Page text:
Feb 27, 2015 · 3 minutes

When Netflix flipped the switch on the third season of House of Cards Friday morning at 3 am, I was up — bleary-eyed but game — to watch and recap each episode. You can read all thirteen recaps from my sleepless marathon in one article here, but for convenience’s sake we also split them up into individual reviews, all of which you can find right here.

“Chapter 37″

After almost ten episodes of having to suffer through some light-world version of Frank Underwood who lacked control, confidence, and focus, the demonically brilliant bastard of the first two seasons is back.

But while the old Frank is great fun for audiences, his arrogance, his cruelty, and his pathologically controlling behavior make him a total monster to anybody who works with him — and especially those who work under him. As Freddy tells one character who found himself on the receiving end of one of Underwood’s verbal onslaughts, “It’s like blaming a snake for having fangs.”

But if you’re trying to win a debate, like the one  held between three Democratic candidates in “Chapter 37,” it’s nice to be on the same team as the fanged beast.

And indeed, the television pundits agreed that of President Underwood, Heather Dunbar, and Jackie Sharp, the incumbent came out on top — though just barely. As for the content of the debate, these scenes featured some of the show’s most clever writing all season, as between the three candidates they represented the spectrum of debate night personalties. There was the folksy good old boy in Underwood, spouting off pandering cliches like, “That’s clearer than a glass of moonshine!” and “If that’s true, I will eat my hat!” There was Sharp, the military veteran, who seemed to preface every line with, “When things get tough on the battlefield…”. And then there was the plain talker, Dunbar.

Judging on substance alone, Dunbar was the clear winner — what she lacked in cliches she made up for in trenchant critiques of her opponents’ policies and pedigrees. But Underwood’s Southern charm was just too much for Dunbar to overcome, and coming out of the debate, Underwood looked poised to cruise to the nomination — particularly because he had already convinced Sharp to drop out in the next few days and join him as his running mate.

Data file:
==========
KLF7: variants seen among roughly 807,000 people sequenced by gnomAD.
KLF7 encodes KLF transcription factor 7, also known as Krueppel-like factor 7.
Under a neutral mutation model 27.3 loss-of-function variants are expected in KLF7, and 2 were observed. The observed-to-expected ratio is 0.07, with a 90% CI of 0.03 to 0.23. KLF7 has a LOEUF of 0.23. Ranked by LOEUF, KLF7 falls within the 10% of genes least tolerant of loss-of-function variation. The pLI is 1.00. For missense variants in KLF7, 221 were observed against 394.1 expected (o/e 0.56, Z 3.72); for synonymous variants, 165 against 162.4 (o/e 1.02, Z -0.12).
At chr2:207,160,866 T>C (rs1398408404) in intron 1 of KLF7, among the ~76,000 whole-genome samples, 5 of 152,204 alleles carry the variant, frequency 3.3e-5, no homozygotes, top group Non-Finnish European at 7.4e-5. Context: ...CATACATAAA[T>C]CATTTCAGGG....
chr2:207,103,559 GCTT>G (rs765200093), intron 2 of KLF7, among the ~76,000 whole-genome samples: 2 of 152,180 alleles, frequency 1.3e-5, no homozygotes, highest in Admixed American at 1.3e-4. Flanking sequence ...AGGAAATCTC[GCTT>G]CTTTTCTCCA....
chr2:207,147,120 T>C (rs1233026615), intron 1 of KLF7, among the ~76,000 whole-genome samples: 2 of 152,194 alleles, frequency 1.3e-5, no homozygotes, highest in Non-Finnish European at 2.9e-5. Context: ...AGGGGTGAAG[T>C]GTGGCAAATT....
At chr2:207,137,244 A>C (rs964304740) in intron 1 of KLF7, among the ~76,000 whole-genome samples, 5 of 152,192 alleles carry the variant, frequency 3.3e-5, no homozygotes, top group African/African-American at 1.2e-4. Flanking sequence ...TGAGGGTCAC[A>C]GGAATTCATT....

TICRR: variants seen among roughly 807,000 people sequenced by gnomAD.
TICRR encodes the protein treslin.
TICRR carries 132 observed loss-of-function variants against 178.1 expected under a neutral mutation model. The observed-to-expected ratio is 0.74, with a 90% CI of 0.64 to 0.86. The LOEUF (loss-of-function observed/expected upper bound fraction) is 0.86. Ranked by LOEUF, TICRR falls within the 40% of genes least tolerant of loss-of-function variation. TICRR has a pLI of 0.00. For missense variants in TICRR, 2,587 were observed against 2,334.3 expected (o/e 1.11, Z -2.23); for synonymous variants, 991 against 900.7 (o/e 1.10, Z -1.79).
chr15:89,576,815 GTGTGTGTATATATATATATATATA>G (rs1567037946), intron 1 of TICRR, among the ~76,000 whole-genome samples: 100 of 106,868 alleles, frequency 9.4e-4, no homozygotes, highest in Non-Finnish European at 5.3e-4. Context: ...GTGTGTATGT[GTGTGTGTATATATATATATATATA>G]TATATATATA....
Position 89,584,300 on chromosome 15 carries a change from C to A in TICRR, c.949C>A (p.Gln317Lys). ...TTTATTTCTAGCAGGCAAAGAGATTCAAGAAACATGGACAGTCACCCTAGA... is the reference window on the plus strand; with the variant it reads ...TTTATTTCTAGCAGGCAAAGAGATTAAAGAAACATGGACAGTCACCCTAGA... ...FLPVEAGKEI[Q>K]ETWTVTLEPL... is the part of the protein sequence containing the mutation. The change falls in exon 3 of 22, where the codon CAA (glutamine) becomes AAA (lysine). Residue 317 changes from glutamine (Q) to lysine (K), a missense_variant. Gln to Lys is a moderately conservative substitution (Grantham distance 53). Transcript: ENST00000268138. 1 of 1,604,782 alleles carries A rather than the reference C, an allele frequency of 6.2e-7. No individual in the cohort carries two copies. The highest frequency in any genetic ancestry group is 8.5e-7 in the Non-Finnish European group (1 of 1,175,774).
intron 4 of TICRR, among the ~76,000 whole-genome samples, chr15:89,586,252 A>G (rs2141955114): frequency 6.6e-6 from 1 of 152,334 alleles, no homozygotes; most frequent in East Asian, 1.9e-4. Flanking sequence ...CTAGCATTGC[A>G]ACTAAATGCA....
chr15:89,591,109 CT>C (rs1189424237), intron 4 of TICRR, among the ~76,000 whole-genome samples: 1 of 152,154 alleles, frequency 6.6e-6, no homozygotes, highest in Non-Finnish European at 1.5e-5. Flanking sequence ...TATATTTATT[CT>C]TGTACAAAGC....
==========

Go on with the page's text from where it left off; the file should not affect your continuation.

But something goes terribly wrong in the hours and days following the debate. Underwood and Sharp had agreed ahead of the debate to play softball with one another while hammering Dunbar. But Underwood just couldn’t help himself, embarrassing this future running mate with harsh critiques for which she was hardly prepared. When Sharp raises these concerns to Underwood, he berates her even more aggressively for not towing the line. When his Chief of Staff Remy — who happens to be in love with Sharp — raises the same concerns, he too is firmly rebuked by Underwood.

It’s pretty clear where this is headed. While Sharp does drop out of the race as expected, she doesn’t put her support behind Underwood, even though he promised her the Vice Presidency. Instead, she comes out in favor of Dunbar — even though Dunbar has offered her nothing in return. Such is the repellent power of Frank Underwood.

Except when it comes to Claire. Or not? Late in the episode, while donating blood, she becomes faint and starts to ramble to Tom Yates:

“He proposed and I said… seven years. If it’s still good, another seven. If not… Every seven years. I don’t hate campaigning. What I hate is… how much I need us. I didn’t jump. I didn’t step back.”

It’s hard to know for sure but it sounds like Frank and Claire’s marriage is coming up on another seven-year milestone. And after all the fights of the past year and Frank taking away her ambassadorship and all the ways their once unwavering loyalty to one another has been tested… Is this the year she “jumps”?

We’ll find out in one of the two remaining episodes. My guess is, Frank wins reelection — this season barely scratched the surface of the dramatic possibilities offered by a Frank Underwood presidency — but he loses Claire, sending him down a spiral of self-destructive behavior that will dominate next season’s story arc. Think of it as Bad President.

Grade: B+

[illustration by Brad Jonas]